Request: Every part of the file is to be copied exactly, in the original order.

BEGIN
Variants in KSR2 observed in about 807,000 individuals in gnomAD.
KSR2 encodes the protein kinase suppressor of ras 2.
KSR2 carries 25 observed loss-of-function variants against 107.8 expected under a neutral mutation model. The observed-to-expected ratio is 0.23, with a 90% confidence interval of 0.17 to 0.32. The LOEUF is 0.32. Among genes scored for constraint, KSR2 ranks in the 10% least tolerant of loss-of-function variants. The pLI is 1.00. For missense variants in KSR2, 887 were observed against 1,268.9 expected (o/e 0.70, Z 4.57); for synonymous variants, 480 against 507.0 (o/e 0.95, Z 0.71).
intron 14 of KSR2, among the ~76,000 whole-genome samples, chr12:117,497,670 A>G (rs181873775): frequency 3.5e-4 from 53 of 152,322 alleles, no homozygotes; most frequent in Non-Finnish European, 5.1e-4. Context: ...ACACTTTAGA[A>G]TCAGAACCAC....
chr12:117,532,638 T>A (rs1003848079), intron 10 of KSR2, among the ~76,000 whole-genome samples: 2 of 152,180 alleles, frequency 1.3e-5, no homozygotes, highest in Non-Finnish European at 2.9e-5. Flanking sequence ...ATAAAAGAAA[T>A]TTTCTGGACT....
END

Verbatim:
Variants in KSR2 observed in about 807,000 individuals in gnomAD.
KSR2 encodes the protein kinase suppressor of ras 2.
KSR2 carries 25 observed loss-of-function variants against 107.8 expected under a neutral mutation model. The observed-to-expected ratio is 0.23, with a 90% confidence interval of 0.17 to 0.32. The LOEUF is 0.32. Among genes scored for constraint, KSR2 ranks in the 10% least tolerant of loss-of-function variants. The pLI is 1.00. For missense variants in KSR2, 887 were observed against 1,268.9 expected (o/e 0.70, Z 4.57); for synonymous variants, 480 against 507.0 (o/e 0.95, Z 0.71).
intron 14 of KSR2, among the ~76,000 whole-genome samples, chr12:117,497,670 A>G (rs181873775): frequency 3.5e-4 from 53 of 152,322 alleles, no homozygotes; most frequent in Non-Finnish European, 5.1e-4. Context: ...ACACTTTAGA[A>G]TCAGAACCAC....
chr12:117,532,638 T>A (rs1003848079), intron 10 of KSR2, among the ~76,000 whole-genome samples: 2 of 152,180 alleles, frequency 1.3e-5, no homozygotes, highest in Non-Finnish European at 2.9e-5. Flanking sequence ...ATAAAAGAAA[T>A]TTTCTGGACT....